Characteristics of the included studies’ participants and settings are summarised in table 1. The model development studies used data from over 231 888 men. However, two studies used analytical cohorts from the same registry (Surveillance, Epidemiology and End Results (SEER)).23 29 Two studies used data from single US centres, two used data from groups of four hospitals, and five were from regional or national multicentre registries. Eligibility criteria of patients into studies varied significantly, with some models using very specific or selected sub-cohorts only. For example Nguyen et al included only consenting men, undergoing radiotherapy (RT) or radical prostatectomy (RP), with at least one intermediate or high-risk feature but ≤T3b disease.22 The treatment cohorts included, and whether treatment effect was a parameter in the final model was highly variable. Only six of the nine models included any men who had been managed conservatively (including ‘watchful waiting’ or ‘conservative management’); none of the models described or defined a specific ‘active surveillance’ cohort.21 23 25 27–29 Only three of the nine models included treatment as a predictor variable - none of which were externally validated.24 25 28 Median follow-up was relatively short within all model development cohorts, with the longest reported follow-up being 7.6 years26.
Results of individual studies
The final results of individual studies are summarised in table 2. The primary outcome was cancer-specific mortality only in one study,27 and was overall-survival only in another study.25 The remainder reported measures of both. The study designs, model-types and performance metrics varied markedly. We therefore focused on describing the studies, results, applicability and availability. Significant heterogeneity in the question being asked and statistical methods of validation between studies meant that attempts to meta-analyse data would not be appropriate. Modelling techniques varied, with the majority of studies using a proportional hazards model (Cox or Fine and Grey) although none reported assessing whether the proportional hazards assumption was valid. Included studies did not report any flexible parametric approaches to deal with continuous variables, and the majority used group categorisations of these variables. Reporting of model accuracy was inconsistent. Considering area under the curve and c-indices synonymously, six of the nine studies reported some measure of discrimination with values ranging from 0.63 to 0.90 for PCa survival outcomes, although this higher figure was derived within a small elderly sub-cohort23 28 and 0.58 to 0.73 for overall outcomes.23 25 Only four of the nine studies reported assessing calibration in some capacity.23 25–27 Relative performance within particular sub-populations were not generally reported.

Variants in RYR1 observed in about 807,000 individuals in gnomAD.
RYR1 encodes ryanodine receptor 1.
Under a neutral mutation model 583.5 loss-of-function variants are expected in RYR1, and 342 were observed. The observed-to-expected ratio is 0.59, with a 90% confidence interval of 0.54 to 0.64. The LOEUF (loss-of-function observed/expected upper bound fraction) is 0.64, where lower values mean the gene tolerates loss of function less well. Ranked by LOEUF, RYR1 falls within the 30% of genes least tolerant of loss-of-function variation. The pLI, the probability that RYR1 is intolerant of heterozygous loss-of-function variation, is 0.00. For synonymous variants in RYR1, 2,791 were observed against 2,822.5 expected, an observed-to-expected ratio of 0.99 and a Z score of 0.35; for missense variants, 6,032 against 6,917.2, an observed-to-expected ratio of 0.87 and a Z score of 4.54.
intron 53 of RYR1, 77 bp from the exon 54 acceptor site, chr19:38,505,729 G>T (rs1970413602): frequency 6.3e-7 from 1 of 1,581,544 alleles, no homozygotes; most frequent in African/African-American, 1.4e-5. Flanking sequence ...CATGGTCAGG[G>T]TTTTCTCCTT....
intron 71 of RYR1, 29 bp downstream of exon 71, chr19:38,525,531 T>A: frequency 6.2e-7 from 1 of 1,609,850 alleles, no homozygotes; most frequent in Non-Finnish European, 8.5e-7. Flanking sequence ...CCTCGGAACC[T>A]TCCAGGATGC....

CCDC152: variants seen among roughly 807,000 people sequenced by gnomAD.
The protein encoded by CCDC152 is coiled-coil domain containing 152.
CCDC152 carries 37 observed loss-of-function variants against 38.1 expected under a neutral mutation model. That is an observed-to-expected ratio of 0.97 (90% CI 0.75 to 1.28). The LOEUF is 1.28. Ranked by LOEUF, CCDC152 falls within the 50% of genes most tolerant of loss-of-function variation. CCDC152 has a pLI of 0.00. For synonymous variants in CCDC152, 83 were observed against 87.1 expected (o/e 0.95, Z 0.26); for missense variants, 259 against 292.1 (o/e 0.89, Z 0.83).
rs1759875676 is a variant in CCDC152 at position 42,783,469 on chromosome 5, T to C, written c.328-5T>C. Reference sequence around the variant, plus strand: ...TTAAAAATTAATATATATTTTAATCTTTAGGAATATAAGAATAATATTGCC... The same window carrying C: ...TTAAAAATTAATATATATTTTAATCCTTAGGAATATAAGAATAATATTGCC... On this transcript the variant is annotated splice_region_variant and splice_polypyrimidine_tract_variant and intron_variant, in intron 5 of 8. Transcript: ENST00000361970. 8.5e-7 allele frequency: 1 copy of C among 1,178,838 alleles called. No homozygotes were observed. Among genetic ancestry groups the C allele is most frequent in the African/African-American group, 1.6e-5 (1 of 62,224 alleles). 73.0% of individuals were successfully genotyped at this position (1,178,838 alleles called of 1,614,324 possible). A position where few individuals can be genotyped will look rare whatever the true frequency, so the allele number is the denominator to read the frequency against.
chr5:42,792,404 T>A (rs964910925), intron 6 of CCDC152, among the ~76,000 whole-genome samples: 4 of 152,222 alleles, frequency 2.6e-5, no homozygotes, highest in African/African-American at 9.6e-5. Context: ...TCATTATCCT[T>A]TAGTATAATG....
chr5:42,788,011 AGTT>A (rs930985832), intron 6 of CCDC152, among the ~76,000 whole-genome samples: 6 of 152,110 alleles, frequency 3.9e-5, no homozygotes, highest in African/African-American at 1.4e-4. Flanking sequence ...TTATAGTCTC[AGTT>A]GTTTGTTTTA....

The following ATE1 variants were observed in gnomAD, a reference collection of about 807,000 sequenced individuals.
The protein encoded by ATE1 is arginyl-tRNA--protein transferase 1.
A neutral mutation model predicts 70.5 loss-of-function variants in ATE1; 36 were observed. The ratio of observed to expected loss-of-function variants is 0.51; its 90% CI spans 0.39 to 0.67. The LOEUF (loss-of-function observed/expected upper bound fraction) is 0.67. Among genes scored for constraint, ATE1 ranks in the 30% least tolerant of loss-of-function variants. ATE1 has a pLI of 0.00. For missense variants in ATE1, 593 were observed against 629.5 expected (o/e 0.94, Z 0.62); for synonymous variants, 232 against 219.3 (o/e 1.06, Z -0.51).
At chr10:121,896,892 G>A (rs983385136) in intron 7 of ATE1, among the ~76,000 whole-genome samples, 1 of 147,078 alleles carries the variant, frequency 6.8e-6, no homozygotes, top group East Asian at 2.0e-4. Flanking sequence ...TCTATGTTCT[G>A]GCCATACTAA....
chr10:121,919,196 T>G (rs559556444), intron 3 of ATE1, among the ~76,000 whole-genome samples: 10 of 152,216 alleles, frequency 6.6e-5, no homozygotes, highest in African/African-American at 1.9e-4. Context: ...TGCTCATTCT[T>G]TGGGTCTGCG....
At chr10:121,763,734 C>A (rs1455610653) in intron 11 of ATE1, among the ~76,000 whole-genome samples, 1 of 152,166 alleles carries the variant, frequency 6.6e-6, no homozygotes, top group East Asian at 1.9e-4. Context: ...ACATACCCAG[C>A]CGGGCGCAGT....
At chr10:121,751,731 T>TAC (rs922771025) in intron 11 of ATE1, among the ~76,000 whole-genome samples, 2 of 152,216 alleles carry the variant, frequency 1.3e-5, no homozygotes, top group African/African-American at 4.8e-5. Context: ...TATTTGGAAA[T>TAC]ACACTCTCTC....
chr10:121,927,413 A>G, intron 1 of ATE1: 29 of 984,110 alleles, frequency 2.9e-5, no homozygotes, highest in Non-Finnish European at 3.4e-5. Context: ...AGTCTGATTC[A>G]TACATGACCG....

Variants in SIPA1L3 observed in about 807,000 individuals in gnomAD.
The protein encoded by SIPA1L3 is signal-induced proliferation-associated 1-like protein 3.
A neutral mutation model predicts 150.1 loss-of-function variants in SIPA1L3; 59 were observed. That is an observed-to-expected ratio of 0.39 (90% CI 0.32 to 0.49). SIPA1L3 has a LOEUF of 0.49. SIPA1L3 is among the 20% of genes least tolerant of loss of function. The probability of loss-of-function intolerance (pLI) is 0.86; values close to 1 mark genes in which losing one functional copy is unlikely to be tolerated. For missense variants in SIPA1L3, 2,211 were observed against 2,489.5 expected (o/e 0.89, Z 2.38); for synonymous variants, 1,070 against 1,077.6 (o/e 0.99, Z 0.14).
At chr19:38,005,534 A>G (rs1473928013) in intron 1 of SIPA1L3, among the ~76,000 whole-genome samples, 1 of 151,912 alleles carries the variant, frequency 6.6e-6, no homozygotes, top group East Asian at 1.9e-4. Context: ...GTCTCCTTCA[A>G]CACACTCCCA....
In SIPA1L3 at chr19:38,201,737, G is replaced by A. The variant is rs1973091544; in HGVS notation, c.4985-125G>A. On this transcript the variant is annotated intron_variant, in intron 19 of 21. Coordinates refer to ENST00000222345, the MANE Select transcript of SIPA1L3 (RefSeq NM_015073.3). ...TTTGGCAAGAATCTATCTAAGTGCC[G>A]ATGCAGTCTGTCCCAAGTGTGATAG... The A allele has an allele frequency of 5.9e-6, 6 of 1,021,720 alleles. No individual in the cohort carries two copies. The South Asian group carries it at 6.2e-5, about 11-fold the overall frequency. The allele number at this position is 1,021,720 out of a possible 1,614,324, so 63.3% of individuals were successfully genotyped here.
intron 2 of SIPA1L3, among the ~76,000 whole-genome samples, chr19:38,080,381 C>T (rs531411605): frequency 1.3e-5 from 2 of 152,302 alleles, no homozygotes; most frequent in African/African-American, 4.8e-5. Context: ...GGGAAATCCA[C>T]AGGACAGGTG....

Seven of the nine model development studies reported internal validation. Two reported using bootstrapping, and one used a separate 40% random sample of the original dataset for internal validation.21 26 27 An additional three external validation papers were included (table 3). Of note, each of these included the author of the original model within their author list, suggesting these are not completely independent validations. These three models each used large numbers of subjects over comparable timeframes to their model development study. Discrimination of the Cambridge Prognostic Groups, SEER Cancer Survival Calculator and CAPRA scores were comparable for prostate cancer specific mortality (PCSM) at 0.81, 0.81 and 0.80, respectively, over 5 years30-32 (table 4). Discrimination was poorer for overall mortality at 0.71 in the latter study. These external validation papers performed quite well on individual bias assessment (table 5). In the CAPRA validation paper estimates were reported to be ‘adjusted’ for age and treatment type, such that it is unclear whether the reported accuracy reflects that of the usable model.32
Risk of bias
Risk of bias within studies is summarised in both table 5 and figure 2. Frequent concerns were observed with respect to participant selection and inclusion, particularly with respect to reporting or allowing for missing data. The outcome of death was well-defined and unambiguous in the majority of studies. Every included study had at least one parameter for which there was high concern of bias – leading to a high overall judgement of bias in the PROBAST tool. Concerns about applicability to the review question were present in more than half of the studies.
All of the included studies reported models that were nomograms, look-up tables or grouping stratifications. Seven of the nine studies were clinically usable through the publication itself. One was also available in a dedicated website.31 The SEER Cancer Survival Calculator was never launched online, and the publication itself does not provide sufficient detail to use the model.23 The model by Margel et al was available but not usable as it included year of entry as a predictor variable, making the model usable only on retrospective series rather than in future individual cases. Indeed, this model was developed to answer the question of whether pathological information adds to a prognostic model, rather than being intended for use at diagnosis.21
Treatment decisions at the point of diagnosis of non-metastatic PCa should be informed by the likely prognosis of the disease. Despite finding a number of published prognostic models, there remains a lack of well-validated, unbiased, generalisable models for use at diagnosis. In particular, there was a lack of external validation and dearth of models that compare outcomes between conservative management and radical treatment.